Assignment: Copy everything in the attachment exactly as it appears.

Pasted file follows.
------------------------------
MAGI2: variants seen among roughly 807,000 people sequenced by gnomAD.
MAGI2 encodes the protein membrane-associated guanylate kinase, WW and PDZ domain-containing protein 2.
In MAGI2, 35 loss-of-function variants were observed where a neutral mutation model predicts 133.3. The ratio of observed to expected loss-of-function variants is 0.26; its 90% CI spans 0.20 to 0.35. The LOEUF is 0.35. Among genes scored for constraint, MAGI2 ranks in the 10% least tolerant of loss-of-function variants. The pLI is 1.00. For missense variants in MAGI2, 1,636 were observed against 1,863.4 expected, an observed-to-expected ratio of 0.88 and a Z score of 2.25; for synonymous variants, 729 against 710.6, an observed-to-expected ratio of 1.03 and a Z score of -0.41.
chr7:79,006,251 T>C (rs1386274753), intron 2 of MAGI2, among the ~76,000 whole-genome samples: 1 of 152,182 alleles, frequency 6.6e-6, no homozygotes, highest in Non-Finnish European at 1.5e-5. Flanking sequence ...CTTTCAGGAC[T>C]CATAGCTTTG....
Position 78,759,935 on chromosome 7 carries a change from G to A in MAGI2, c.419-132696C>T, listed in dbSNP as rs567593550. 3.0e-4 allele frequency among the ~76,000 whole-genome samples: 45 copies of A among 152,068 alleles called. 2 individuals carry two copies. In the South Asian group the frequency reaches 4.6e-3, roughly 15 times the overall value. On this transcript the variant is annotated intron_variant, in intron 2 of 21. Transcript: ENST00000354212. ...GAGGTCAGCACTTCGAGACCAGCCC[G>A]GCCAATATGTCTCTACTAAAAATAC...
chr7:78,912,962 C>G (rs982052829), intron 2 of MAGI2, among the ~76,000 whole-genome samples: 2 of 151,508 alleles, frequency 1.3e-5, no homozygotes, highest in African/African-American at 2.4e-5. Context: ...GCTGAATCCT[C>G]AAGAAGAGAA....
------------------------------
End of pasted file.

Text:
MAGI2: variants seen among roughly 807,000 people sequenced by gnomAD.
MAGI2 encodes the protein membrane-associated guanylate kinase, WW and PDZ domain-containing protein 2.
In MAGI2, 35 loss-of-function variants were observed where a neutral mutation model predicts 133.3. The ratio of observed to expected loss-of-function variants is 0.26; its 90% CI spans 0.20 to 0.35. The LOEUF is 0.35. Among genes scored for constraint, MAGI2 ranks in the 10% least tolerant of loss-of-function variants. The pLI is 1.00. For missense variants in MAGI2, 1,636 were observed against 1,863.4 expected, an observed-to-expected ratio of 0.88 and a Z score of 2.25; for synonymous variants, 729 against 710.6, an observed-to-expected ratio of 1.03 and a Z score of -0.41.
chr7:79,006,251 T>C (rs1386274753), intron 2 of MAGI2, among the ~76,000 whole-genome samples: 1 of 152,182 alleles, frequency 6.6e-6, no homozygotes, highest in Non-Finnish European at 1.5e-5. Flanking sequence ...CTTTCAGGAC[T>C]CATAGCTTTG....
Position 78,759,935 on chromosome 7 carries a change from G to A in MAGI2, c.419-132696C>T, listed in dbSNP as rs567593550. 3.0e-4 allele frequency among the ~76,000 whole-genome samples: 45 copies of A among 152,068 alleles called. 2 individuals carry two copies. In the South Asian group the frequency reaches 4.6e-3, roughly 15 times the overall value. On this transcript the variant is annotated intron_variant, in intron 2 of 21. Transcript: ENST00000354212. ...GAGGTCAGCACTTCGAGACCAGCCC[G>A]GCCAATATGTCTCTACTAAAAATAC...
chr7:78,912,962 C>G (rs982052829), intron 2 of MAGI2, among the ~76,000 whole-genome samples: 2 of 151,508 alleles, frequency 1.3e-5, no homozygotes, highest in African/African-American at 2.4e-5. Context: ...GCTGAATCCT[C>G]AAGAAGAGAA....